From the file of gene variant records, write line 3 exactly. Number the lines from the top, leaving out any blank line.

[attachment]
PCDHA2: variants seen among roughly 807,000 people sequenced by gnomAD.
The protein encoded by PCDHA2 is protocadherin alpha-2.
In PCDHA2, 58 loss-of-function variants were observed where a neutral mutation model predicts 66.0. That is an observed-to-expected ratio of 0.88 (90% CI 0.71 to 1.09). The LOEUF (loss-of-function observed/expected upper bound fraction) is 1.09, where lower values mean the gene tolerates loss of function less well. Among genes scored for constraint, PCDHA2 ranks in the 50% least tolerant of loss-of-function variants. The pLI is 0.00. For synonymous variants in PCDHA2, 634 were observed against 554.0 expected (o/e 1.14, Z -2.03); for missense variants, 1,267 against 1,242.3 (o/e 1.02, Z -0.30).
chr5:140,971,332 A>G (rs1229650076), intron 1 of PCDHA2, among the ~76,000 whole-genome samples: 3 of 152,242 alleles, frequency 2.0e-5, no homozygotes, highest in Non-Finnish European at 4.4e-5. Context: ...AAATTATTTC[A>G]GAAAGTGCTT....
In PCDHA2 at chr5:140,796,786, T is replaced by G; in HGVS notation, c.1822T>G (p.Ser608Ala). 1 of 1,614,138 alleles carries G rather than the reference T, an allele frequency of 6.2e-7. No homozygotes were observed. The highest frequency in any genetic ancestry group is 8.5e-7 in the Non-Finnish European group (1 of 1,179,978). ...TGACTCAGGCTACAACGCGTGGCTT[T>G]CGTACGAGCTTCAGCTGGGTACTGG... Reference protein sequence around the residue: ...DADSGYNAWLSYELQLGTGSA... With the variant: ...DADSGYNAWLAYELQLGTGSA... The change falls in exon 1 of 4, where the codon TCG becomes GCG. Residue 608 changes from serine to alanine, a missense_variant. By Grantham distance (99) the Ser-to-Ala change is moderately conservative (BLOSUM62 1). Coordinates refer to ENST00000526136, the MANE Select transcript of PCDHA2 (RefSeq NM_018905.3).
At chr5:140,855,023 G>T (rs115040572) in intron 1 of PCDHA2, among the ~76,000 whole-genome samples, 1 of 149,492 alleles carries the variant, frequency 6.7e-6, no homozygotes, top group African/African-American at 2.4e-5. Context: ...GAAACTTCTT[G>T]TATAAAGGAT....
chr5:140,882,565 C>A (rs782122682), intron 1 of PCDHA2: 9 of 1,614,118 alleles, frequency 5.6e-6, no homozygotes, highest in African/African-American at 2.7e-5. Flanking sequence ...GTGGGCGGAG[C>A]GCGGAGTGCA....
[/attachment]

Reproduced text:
In PCDHA2, 58 loss-of-function variants were observed where a neutral mutation model predicts 66.0. That is an observed-to-expected ratio of 0.88 (90% CI 0.71 to 1.09). The LOEUF (loss-of-function observed/expected upper bound fraction) is 1.09, where lower values mean the gene tolerates loss of function less well. Among genes scored for constraint, PCDHA2 ranks in the 50% least tolerant of loss-of-function variants. The pLI is 0.00. For synonymous variants in PCDHA2, 634 were observed against 554.0 expected (o/e 1.14, Z -2.03); for missense variants, 1,267 against 1,242.3 (o/e 1.02, Z -0.30).